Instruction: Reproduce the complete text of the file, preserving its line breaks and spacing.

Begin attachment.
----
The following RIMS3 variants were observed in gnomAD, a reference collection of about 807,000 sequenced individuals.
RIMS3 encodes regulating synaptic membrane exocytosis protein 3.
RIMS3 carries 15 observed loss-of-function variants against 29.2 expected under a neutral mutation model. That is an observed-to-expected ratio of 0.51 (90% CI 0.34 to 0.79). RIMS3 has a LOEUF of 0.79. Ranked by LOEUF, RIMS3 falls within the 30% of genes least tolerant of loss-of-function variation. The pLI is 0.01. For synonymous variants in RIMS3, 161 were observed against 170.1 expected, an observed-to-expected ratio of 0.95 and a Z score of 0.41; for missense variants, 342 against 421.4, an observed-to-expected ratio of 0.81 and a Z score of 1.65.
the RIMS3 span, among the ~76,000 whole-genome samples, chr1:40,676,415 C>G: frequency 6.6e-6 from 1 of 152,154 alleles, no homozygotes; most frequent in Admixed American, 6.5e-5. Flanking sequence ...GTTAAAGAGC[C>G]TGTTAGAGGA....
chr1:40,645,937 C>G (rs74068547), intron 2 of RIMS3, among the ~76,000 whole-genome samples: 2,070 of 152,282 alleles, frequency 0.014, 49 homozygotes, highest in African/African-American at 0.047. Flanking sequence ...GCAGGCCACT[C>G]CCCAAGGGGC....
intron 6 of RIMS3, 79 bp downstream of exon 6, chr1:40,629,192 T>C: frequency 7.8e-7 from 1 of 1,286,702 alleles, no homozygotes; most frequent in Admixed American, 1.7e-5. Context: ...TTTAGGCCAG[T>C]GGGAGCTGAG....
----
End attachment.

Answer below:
The following RIMS3 variants were observed in gnomAD, a reference collection of about 807,000 sequenced individuals.
RIMS3 encodes regulating synaptic membrane exocytosis protein 3.
RIMS3 carries 15 observed loss-of-function variants against 29.2 expected under a neutral mutation model. That is an observed-to-expected ratio of 0.51 (90% CI 0.34 to 0.79). RIMS3 has a LOEUF of 0.79. Ranked by LOEUF, RIMS3 falls within the 30% of genes least tolerant of loss-of-function variation. The pLI is 0.01. For synonymous variants in RIMS3, 161 were observed against 170.1 expected, an observed-to-expected ratio of 0.95 and a Z score of 0.41; for missense variants, 342 against 421.4, an observed-to-expected ratio of 0.81 and a Z score of 1.65.
the RIMS3 span, among the ~76,000 whole-genome samples, chr1:40,676,415 C>G: frequency 6.6e-6 from 1 of 152,154 alleles, no homozygotes; most frequent in Admixed American, 6.5e-5. Flanking sequence ...GTTAAAGAGC[C>G]TGTTAGAGGA....
chr1:40,645,937 C>G (rs74068547), intron 2 of RIMS3, among the ~76,000 whole-genome samples: 2,070 of 152,282 alleles, frequency 0.014, 49 homozygotes, highest in African/African-American at 0.047. Flanking sequence ...GCAGGCCACT[C>G]CCCAAGGGGC....
intron 6 of RIMS3, 79 bp downstream of exon 6, chr1:40,629,192 T>C: frequency 7.8e-7 from 1 of 1,286,702 alleles, no homozygotes; most frequent in Admixed American, 1.7e-5. Context: ...TTTAGGCCAG[T>C]GGGAGCTGAG....